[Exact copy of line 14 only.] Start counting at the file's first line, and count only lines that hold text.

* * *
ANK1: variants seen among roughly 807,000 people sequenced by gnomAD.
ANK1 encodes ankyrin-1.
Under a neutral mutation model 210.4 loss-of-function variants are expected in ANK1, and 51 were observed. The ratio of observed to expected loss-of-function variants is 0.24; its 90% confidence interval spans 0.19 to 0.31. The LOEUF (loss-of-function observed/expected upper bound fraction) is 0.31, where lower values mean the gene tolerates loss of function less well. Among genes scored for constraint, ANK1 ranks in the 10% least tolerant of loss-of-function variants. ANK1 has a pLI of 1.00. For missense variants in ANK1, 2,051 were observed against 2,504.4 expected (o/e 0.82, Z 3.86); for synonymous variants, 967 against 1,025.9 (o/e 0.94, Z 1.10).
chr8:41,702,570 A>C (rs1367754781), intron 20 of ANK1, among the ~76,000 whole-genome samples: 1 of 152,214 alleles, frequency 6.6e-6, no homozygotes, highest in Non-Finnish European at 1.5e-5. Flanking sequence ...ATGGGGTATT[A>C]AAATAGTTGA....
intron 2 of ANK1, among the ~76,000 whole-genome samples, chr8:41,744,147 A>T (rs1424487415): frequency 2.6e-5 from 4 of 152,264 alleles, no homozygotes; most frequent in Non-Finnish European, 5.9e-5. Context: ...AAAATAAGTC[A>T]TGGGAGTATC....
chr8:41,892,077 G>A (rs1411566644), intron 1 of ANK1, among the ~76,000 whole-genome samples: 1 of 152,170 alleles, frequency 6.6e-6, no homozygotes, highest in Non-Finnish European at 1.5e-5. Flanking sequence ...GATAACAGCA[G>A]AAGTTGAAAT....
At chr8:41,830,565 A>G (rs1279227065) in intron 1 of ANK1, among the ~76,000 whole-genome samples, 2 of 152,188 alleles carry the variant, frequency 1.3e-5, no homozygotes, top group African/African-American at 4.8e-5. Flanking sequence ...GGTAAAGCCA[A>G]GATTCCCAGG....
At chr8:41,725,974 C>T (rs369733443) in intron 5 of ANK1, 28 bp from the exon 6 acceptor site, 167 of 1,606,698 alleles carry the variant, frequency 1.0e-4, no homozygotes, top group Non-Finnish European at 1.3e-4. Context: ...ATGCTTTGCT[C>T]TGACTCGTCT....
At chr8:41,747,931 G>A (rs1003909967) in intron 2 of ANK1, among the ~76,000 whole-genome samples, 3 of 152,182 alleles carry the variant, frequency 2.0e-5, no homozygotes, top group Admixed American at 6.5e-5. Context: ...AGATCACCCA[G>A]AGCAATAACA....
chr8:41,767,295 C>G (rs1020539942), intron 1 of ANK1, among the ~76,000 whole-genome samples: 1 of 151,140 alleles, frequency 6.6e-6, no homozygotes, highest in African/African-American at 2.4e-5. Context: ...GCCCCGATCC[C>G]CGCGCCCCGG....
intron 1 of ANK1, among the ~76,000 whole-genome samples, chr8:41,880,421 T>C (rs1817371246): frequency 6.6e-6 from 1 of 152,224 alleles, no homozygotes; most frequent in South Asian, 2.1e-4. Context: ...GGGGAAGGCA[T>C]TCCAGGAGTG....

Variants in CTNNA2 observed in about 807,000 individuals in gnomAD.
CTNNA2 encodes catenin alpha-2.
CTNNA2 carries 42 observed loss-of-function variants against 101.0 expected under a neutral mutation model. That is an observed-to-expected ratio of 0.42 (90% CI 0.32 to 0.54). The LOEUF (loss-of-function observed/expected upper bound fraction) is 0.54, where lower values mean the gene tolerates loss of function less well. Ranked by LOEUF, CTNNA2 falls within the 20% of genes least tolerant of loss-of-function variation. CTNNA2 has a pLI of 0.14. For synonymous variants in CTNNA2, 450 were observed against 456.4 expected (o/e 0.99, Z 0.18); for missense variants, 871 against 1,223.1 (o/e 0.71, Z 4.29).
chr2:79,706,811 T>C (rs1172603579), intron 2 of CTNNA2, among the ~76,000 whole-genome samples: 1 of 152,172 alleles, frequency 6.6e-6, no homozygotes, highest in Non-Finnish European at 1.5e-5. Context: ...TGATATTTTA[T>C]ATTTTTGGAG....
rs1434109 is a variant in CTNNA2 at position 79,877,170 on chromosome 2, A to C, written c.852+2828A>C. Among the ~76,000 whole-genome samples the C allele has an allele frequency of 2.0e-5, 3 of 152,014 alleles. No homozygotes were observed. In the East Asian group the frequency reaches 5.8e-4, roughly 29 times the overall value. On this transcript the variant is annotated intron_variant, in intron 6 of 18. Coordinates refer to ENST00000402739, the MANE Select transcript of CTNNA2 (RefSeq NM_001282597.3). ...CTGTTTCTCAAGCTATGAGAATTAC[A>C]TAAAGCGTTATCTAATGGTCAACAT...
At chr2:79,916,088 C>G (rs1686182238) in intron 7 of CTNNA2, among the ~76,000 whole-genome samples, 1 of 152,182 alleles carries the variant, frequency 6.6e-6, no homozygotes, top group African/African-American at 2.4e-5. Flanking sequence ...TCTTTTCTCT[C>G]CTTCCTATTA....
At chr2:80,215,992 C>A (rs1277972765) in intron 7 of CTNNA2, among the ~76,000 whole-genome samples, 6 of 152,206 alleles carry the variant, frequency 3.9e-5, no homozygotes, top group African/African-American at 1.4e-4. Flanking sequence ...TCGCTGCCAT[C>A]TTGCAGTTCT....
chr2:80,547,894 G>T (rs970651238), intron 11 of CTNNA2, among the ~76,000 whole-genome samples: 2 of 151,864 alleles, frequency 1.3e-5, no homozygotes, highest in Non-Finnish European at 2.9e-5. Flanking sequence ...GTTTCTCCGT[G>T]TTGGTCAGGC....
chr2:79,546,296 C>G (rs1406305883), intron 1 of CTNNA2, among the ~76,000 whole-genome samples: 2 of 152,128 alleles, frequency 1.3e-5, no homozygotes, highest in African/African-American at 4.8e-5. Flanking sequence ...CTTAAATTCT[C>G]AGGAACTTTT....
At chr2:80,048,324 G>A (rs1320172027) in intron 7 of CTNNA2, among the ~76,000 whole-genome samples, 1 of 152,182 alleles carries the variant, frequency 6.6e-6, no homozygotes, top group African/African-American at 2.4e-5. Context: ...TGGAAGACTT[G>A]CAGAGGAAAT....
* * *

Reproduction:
CTNNA2 carries 42 observed loss-of-function variants against 101.0 expected under a neutral mutation model. That is an observed-to-expected ratio of 0.42 (90% CI 0.32 to 0.54). The LOEUF (loss-of-function observed/expected upper bound fraction) is 0.54, where lower values mean the gene tolerates loss of function less well. Ranked by LOEUF, CTNNA2 falls within the 20% of genes least tolerant of loss-of-function variation. CTNNA2 has a pLI of 0.14. For synonymous variants in CTNNA2, 450 were observed against 456.4 expected (o/e 0.99, Z 0.18); for missense variants, 871 against 1,223.1 (o/e 0.71, Z 4.29).